♫♪  Eli Keszler - “Lotus Awnings”

The flute makes me mute, its round
holes, sound of morning that’s
coming.

— Maggie Nelson, The Last Winter

Eli Keszler is a percussionist and sound design artist who makes sparse, meandering, conceptual music. Here, we have a newly released video for “Lotus Awnings,” a song from his upcoming album Stadium, which is out October 12 on Shelter Press.

Filmmaker Alan Segal shot and directed the video, which makes use of unremarkable urban landscapes (brick buildings, sidewalks, etc.) to create a stillness that matches the meditative temper of the audio. The shots are temporally ambiguous, which is to say the lighting is bluish gray, not-quite-bright, but not-quite-dark, which makes me think of morning more than evening. Paired with Keszler’s song, Segal’s video imparts an overwhelming sense of stillness, a sense of beginning.

What is morning if not stillness? Morning time, paradoxically, isn’t a time, more of a mood, less a proper designation than a measure of disposition. It’s when things haven’t begun — the shifting tide between asleep and awake, a time outside of time. As I listened to the flute pattern throughout, I couldn’t help but think: sound of morning that’s coming.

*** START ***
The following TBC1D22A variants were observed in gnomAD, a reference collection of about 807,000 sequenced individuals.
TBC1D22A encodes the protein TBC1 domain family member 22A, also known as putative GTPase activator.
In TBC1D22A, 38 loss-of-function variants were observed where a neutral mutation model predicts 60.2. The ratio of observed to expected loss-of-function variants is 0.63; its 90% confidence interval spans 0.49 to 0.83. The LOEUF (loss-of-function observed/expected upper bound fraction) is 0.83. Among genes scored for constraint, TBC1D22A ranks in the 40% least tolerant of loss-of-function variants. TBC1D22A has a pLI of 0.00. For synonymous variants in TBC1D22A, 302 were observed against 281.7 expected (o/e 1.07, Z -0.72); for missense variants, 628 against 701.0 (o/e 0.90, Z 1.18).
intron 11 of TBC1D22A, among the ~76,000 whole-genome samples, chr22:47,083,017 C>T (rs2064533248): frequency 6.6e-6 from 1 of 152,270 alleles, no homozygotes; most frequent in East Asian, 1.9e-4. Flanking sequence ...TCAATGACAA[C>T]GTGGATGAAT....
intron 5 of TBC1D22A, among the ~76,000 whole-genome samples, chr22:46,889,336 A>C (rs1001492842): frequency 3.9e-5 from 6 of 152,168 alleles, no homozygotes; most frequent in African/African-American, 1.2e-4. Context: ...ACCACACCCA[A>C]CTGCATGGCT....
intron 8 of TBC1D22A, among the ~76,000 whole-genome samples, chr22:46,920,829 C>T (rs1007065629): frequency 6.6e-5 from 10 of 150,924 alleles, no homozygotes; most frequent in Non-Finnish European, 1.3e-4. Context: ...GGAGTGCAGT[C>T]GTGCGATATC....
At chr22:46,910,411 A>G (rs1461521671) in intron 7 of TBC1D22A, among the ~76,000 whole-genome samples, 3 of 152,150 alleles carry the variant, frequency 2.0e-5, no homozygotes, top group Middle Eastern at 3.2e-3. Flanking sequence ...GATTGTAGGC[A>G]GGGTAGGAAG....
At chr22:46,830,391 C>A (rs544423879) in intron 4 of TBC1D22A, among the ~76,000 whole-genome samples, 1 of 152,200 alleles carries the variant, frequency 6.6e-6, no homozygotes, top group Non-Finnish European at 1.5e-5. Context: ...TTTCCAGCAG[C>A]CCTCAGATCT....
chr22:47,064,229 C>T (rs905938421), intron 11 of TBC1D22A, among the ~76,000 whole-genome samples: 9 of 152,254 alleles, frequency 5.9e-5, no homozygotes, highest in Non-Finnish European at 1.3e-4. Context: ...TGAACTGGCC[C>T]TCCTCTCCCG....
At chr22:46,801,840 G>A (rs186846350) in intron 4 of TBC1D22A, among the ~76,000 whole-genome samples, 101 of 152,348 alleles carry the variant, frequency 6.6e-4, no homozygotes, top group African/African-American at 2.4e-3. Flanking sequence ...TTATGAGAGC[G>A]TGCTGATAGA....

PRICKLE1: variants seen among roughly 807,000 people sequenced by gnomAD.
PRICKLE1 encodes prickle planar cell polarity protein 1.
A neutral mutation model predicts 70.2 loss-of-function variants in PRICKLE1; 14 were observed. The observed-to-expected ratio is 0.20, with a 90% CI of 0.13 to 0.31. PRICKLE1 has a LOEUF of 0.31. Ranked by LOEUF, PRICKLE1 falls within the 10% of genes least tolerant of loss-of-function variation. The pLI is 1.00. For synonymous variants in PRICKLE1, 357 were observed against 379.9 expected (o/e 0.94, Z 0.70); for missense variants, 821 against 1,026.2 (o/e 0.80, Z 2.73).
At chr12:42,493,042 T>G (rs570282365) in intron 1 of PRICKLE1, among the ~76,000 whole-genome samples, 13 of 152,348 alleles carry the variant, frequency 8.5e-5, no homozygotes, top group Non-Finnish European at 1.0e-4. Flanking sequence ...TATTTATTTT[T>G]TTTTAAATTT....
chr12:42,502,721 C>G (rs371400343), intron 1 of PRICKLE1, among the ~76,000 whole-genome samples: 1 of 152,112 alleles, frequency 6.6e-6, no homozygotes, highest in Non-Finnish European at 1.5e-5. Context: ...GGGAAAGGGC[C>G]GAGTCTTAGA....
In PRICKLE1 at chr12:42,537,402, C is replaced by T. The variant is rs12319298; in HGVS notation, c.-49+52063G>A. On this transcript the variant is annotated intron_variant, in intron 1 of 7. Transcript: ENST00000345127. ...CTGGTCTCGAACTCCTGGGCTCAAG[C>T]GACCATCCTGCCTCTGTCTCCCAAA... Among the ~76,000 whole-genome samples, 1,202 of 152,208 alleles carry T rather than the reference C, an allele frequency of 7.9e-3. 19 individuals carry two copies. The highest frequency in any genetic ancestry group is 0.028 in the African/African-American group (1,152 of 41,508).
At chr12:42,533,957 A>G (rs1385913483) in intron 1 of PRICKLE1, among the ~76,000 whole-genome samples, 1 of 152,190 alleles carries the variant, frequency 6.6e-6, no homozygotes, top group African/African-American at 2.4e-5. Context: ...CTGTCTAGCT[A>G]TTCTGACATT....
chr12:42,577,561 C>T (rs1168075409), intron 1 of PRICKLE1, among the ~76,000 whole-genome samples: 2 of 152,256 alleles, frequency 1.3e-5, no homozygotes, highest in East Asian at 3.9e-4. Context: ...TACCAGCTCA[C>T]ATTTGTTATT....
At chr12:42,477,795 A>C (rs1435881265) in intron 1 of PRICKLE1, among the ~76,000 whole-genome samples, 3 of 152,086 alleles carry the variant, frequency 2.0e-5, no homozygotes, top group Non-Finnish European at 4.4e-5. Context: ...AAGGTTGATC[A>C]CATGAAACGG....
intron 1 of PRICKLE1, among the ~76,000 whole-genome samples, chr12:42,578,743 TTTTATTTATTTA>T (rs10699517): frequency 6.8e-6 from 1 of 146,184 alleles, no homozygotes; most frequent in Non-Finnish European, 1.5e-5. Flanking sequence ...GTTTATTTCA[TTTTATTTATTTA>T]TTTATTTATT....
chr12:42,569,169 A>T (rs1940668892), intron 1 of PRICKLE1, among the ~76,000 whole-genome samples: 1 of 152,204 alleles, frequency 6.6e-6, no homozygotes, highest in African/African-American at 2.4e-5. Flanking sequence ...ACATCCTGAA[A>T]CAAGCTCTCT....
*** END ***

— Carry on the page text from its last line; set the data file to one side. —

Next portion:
Not insignificantly, the video begins with a white letter “A” in one corner, from which a slow-moving line emerges. The line crawls across the screen for five minutes and eventually lands on a “B” toward the end. And the video is interspersed with red abstractions, specked with white dots, a void that’s not quite a void, almost dreamlike. Morning feels like that too: thinking about how to get from point A to point B in the midst of half-dreaming. Not awake, not asleep.

Lose yourself in the video and the song, maybe feel its morning-ness and its stillness.

Chocolate Grinder

CHOCOLATE GRINDER is our audio/visual section, with an emphasis on the lesser heard and lesser known. We aim to dig deep, but we’ll post any song or video we find interesting, big or small.

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